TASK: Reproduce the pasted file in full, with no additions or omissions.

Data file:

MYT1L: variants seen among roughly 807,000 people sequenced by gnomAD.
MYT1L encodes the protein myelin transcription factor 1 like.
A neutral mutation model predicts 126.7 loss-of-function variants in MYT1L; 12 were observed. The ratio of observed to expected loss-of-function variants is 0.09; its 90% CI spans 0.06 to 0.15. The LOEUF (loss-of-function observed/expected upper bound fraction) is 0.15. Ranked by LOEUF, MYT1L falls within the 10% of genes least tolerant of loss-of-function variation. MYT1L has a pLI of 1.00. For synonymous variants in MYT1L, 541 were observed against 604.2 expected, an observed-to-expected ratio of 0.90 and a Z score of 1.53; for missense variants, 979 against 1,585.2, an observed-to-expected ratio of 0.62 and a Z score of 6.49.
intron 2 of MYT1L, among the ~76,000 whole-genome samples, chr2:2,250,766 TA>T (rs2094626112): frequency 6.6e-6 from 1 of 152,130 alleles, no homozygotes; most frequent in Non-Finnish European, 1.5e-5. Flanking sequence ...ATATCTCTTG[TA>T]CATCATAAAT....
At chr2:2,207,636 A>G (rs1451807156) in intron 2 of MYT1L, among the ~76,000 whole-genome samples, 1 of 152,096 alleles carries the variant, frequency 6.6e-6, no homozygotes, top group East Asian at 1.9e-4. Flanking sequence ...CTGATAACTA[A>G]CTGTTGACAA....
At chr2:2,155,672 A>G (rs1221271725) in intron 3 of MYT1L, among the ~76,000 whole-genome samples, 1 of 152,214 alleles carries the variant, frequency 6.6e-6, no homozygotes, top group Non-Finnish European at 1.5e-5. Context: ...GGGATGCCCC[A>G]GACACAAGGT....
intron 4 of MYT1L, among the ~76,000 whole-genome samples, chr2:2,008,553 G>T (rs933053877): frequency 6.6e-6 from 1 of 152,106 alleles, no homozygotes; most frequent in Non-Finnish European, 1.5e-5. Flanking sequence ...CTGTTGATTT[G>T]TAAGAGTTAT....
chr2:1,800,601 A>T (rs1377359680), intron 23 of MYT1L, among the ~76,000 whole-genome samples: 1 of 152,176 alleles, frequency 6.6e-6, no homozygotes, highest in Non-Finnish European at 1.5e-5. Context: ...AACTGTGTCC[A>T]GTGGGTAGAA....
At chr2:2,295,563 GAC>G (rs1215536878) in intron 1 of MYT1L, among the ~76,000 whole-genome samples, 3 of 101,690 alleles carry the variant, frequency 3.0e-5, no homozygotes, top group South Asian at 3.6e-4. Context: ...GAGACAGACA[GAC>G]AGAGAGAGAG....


MYT1L: variants seen among roughly 807,000 people sequenced by gnomAD.
MYT1L encodes the protein myelin transcription factor 1 like.
A neutral mutation model predicts 126.7 loss-of-function variants in MYT1L; 12 were observed. The ratio of observed to expected loss-of-function variants is 0.09; its 90% CI spans 0.06 to 0.15. The LOEUF (loss-of-function observed/expected upper bound fraction) is 0.15. Ranked by LOEUF, MYT1L falls within the 10% of genes least tolerant of loss-of-function variation. MYT1L has a pLI of 1.00. For synonymous variants in MYT1L, 541 were observed against 604.2 expected, an observed-to-expected ratio of 0.90 and a Z score of 1.53; for missense variants, 979 against 1,585.2, an observed-to-expected ratio of 0.62 and a Z score of 6.49.
intron 2 of MYT1L, among the ~76,000 whole-genome samples, chr2:2,250,766 TA>T (rs2094626112): frequency 6.6e-6 from 1 of 152,130 alleles, no homozygotes; most frequent in Non-Finnish European, 1.5e-5. Flanking sequence ...ATATCTCTTG[TA>T]CATCATAAAT....
At chr2:2,207,636 A>G (rs1451807156) in intron 2 of MYT1L, among the ~76,000 whole-genome samples, 1 of 152,096 alleles carries the variant, frequency 6.6e-6, no homozygotes, top group East Asian at 1.9e-4. Flanking sequence ...CTGATAACTA[A>G]CTGTTGACAA....
At chr2:2,155,672 A>G (rs1221271725) in intron 3 of MYT1L, among the ~76,000 whole-genome samples, 1 of 152,214 alleles carries the variant, frequency 6.6e-6, no homozygotes, top group Non-Finnish European at 1.5e-5. Context: ...GGGATGCCCC[A>G]GACACAAGGT....
intron 4 of MYT1L, among the ~76,000 whole-genome samples, chr2:2,008,553 G>T (rs933053877): frequency 6.6e-6 from 1 of 152,106 alleles, no homozygotes; most frequent in Non-Finnish European, 1.5e-5. Flanking sequence ...CTGTTGATTT[G>T]TAAGAGTTAT....
chr2:1,800,601 A>T (rs1377359680), intron 23 of MYT1L, among the ~76,000 whole-genome samples: 1 of 152,176 alleles, frequency 6.6e-6, no homozygotes, highest in Non-Finnish European at 1.5e-5. Context: ...AACTGTGTCC[A>T]GTGGGTAGAA....
At chr2:2,295,563 GAC>G (rs1215536878) in intron 1 of MYT1L, among the ~76,000 whole-genome samples, 3 of 101,690 alleles carry the variant, frequency 3.0e-5, no homozygotes, top group South Asian at 3.6e-4. Context: ...GAGACAGACA[GAC>G]AGAGAGAGAG....